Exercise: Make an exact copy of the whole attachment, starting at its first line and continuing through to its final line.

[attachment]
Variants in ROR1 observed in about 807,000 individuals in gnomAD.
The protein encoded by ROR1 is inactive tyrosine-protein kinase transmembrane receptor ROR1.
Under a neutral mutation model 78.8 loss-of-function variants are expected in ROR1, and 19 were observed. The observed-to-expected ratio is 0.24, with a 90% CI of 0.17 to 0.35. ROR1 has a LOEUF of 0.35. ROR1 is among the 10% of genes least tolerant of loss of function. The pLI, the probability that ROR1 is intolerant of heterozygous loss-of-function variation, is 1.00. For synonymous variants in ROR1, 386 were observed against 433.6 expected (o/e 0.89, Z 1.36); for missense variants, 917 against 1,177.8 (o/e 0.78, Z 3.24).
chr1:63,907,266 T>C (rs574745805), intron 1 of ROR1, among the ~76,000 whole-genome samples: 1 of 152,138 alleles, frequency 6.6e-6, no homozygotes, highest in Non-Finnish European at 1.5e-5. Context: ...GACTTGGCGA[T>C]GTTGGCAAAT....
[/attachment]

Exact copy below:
Variants in ROR1 observed in about 807,000 individuals in gnomAD.
The protein encoded by ROR1 is inactive tyrosine-protein kinase transmembrane receptor ROR1.
Under a neutral mutation model 78.8 loss-of-function variants are expected in ROR1, and 19 were observed. The observed-to-expected ratio is 0.24, with a 90% CI of 0.17 to 0.35. ROR1 has a LOEUF of 0.35. ROR1 is among the 10% of genes least tolerant of loss of function. The pLI, the probability that ROR1 is intolerant of heterozygous loss-of-function variation, is 1.00. For synonymous variants in ROR1, 386 were observed against 433.6 expected (o/e 0.89, Z 1.36); for missense variants, 917 against 1,177.8 (o/e 0.78, Z 3.24).
chr1:63,907,266 T>C (rs574745805), intron 1 of ROR1, among the ~76,000 whole-genome samples: 1 of 152,138 alleles, frequency 6.6e-6, no homozygotes, highest in Non-Finnish European at 1.5e-5. Context: ...GACTTGGCGA[T>C]GTTGGCAAAT....